First Cord-Blood Transplant Therapy Approved by FDA

November 10, 2011

November 10, 2011 — The US Food and Drug Administration (FDA) today approved the first cord-blood product — called Hemacord — for stem-cell transplants that replenish blood cells of patients with certain blood cancers and inherited metabolic and immune system disorders.

The product, made by the New York Blood Center, contains hematopoietic progenitor cells (HPCs) drawn from the blood remaining in a newborn's umbilical cord as well as the placenta after childbirth. Also called hematopoietic stem cells, HPCs in the bloodstream morph into red blood cells, white blood cells, platelets, and other types of cells. HPCs can also be derived from bone marrow and peripheral blood.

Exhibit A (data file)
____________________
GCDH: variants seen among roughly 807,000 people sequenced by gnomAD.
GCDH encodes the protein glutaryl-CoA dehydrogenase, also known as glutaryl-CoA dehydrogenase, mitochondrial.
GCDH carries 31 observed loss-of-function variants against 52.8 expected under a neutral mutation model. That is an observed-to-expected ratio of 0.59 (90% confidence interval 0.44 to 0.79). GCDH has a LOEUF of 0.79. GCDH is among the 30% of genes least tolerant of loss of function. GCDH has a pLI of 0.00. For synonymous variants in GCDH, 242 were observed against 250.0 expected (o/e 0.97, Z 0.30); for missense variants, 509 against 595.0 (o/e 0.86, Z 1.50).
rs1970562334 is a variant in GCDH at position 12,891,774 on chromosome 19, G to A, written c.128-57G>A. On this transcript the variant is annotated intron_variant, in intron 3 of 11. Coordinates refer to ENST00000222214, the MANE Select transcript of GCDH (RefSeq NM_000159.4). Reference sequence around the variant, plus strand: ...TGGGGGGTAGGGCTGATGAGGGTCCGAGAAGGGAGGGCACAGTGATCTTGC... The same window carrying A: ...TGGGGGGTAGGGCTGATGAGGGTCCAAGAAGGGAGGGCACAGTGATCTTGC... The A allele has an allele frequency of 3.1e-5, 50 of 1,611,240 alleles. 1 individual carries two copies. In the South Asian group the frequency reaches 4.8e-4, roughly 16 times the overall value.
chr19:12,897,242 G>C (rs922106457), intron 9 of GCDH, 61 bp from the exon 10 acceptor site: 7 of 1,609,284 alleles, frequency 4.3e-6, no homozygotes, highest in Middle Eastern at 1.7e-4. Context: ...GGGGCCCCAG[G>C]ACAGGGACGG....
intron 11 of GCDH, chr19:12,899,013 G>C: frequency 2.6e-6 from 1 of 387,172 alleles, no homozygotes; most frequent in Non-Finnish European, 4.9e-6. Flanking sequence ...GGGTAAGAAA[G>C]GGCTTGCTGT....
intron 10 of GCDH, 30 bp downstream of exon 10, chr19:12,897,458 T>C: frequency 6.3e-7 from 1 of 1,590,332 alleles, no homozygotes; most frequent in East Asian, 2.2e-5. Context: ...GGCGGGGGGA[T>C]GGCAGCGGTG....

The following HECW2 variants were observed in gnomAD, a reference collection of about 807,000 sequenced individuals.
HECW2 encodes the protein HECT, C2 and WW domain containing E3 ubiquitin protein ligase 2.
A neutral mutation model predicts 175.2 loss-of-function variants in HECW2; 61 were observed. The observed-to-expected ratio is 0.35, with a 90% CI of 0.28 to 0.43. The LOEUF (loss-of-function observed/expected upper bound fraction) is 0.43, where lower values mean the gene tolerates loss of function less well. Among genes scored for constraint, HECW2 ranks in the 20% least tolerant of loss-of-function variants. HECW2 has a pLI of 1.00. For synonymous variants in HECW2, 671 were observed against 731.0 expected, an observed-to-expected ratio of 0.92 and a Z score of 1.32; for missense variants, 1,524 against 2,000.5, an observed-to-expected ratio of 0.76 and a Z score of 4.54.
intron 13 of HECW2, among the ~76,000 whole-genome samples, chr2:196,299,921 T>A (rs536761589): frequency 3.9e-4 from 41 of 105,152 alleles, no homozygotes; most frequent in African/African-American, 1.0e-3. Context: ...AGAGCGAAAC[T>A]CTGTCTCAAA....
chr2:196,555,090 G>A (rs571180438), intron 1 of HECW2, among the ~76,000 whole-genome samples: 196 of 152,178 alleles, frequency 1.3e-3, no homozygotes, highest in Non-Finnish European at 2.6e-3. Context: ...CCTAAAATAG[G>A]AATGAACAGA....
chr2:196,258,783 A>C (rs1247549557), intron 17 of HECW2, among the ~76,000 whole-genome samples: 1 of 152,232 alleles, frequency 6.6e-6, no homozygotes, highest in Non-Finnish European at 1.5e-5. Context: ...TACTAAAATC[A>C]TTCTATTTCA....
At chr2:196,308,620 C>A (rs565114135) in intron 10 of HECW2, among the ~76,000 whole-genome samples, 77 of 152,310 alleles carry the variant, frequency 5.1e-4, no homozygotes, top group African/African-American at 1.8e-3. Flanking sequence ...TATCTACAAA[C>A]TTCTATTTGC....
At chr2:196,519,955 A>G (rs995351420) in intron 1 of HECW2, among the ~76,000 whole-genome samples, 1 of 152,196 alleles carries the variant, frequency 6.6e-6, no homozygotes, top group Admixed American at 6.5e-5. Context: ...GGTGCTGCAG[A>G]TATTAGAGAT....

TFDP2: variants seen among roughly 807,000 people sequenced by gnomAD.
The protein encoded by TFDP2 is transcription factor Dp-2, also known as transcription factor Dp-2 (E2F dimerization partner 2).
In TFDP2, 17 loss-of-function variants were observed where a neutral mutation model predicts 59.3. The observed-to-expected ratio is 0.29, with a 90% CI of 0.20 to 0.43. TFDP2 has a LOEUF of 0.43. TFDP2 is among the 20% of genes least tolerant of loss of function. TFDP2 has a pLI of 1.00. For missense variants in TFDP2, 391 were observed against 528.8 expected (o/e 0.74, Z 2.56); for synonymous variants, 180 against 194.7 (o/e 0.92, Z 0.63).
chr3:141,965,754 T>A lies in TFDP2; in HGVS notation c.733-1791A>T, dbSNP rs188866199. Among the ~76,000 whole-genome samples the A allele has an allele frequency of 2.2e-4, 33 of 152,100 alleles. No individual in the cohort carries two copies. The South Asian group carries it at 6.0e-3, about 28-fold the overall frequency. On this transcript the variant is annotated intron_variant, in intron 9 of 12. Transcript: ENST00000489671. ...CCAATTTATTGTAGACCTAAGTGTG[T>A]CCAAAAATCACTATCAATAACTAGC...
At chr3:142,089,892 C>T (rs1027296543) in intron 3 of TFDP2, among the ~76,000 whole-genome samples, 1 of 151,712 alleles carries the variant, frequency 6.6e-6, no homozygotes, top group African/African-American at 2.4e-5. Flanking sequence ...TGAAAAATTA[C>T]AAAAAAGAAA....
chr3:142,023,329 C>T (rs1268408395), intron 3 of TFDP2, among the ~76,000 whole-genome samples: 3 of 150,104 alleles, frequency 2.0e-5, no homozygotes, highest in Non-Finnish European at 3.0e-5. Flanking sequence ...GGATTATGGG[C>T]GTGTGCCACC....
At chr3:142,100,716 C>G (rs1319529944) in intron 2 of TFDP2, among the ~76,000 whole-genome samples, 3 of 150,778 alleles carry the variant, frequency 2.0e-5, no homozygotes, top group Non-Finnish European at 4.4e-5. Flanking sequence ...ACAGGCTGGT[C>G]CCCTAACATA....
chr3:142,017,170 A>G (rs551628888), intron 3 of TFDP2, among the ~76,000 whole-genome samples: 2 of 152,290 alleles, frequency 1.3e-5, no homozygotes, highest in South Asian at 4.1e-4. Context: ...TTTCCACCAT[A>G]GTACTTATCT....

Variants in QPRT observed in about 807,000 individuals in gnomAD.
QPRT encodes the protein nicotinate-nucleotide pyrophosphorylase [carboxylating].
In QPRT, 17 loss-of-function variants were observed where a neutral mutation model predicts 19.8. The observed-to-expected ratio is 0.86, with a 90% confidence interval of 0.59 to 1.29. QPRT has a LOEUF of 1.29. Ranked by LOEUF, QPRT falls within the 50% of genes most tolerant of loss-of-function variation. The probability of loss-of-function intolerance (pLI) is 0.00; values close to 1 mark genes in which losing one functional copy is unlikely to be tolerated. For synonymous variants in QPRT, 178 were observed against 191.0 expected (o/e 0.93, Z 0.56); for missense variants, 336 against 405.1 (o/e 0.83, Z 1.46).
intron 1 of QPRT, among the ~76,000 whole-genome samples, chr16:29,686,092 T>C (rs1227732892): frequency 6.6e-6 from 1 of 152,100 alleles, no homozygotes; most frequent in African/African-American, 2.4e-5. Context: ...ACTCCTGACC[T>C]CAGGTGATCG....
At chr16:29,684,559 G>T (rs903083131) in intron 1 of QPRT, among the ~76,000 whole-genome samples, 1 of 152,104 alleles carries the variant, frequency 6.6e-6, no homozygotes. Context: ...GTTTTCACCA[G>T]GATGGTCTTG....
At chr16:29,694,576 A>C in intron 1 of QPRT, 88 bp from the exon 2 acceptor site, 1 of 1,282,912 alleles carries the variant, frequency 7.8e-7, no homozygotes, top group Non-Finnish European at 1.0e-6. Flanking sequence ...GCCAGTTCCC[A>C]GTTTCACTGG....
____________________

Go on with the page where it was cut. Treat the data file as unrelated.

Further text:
Hemacord is indicated for hematopoietic stem-cell transplantation in patients with disorders that affect their ability to make blood. Once infused into a patient, HPCs migrate to bone marrow, divide and mature, and then migrate to the bloodstream, where they "can partially or fully restore the number and function of many blood cells, including immune function," the FDA stated in a press release.

A boxed warning on the product's label lists the risks for infusion reactions, graft failures, engraftment syndrome, and graft-versus-host disease, all potentially fatal. The FDA advises clinicians to carefully monitor patients receiving Hemacord.

More information on today's announcement is available on the agency's Web site.

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